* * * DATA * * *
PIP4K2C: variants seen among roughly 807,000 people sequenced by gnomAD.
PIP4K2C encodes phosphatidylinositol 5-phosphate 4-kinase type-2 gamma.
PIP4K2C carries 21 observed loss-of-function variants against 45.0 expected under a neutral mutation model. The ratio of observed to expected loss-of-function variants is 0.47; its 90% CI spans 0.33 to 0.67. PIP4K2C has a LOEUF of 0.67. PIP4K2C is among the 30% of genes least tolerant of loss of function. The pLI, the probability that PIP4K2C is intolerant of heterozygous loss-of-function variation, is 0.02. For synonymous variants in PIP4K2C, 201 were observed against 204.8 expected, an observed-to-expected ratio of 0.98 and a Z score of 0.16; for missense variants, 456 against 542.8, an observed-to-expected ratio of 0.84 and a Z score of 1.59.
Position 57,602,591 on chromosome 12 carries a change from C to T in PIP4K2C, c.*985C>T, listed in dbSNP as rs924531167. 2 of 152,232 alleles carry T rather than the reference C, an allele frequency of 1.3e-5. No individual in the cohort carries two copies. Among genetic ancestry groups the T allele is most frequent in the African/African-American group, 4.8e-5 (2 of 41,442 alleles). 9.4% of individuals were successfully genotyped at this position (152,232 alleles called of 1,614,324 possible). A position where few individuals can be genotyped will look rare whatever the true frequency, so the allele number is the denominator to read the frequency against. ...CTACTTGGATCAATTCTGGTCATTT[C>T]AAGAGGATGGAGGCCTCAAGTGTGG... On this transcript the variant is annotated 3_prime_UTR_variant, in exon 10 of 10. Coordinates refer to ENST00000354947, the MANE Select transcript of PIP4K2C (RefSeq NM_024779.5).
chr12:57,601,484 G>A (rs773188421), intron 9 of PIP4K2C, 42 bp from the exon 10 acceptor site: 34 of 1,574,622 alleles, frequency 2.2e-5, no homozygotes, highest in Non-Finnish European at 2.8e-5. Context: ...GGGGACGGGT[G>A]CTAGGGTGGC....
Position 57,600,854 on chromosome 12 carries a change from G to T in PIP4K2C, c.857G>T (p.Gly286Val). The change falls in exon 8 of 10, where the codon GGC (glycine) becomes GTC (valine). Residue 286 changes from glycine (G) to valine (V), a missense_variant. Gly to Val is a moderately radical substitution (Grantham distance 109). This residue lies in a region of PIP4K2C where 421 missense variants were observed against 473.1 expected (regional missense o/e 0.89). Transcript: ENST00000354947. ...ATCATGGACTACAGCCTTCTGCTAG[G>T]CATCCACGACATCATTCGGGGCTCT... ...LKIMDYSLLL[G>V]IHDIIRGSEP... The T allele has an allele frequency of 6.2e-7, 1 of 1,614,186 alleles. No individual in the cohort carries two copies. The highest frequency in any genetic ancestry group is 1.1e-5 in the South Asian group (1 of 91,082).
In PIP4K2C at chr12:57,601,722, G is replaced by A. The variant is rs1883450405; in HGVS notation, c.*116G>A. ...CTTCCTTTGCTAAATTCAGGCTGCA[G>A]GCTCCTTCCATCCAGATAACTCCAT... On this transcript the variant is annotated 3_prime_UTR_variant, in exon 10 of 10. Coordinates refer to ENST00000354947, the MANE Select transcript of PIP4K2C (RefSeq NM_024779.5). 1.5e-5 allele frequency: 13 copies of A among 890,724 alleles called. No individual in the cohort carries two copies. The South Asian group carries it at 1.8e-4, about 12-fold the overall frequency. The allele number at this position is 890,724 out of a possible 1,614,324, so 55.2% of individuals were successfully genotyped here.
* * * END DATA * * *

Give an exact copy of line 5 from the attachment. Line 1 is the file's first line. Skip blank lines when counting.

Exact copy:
chr12:57,601,484 G>A (rs773188421), intron 9 of PIP4K2C, 42 bp from the exon 10 acceptor site: 34 of 1,574,622 alleles, frequency 2.2e-5, no homozygotes, highest in Non-Finnish European at 2.8e-5. Context: ...GGGGACGGGT[G>A]CTAGGGTGGC....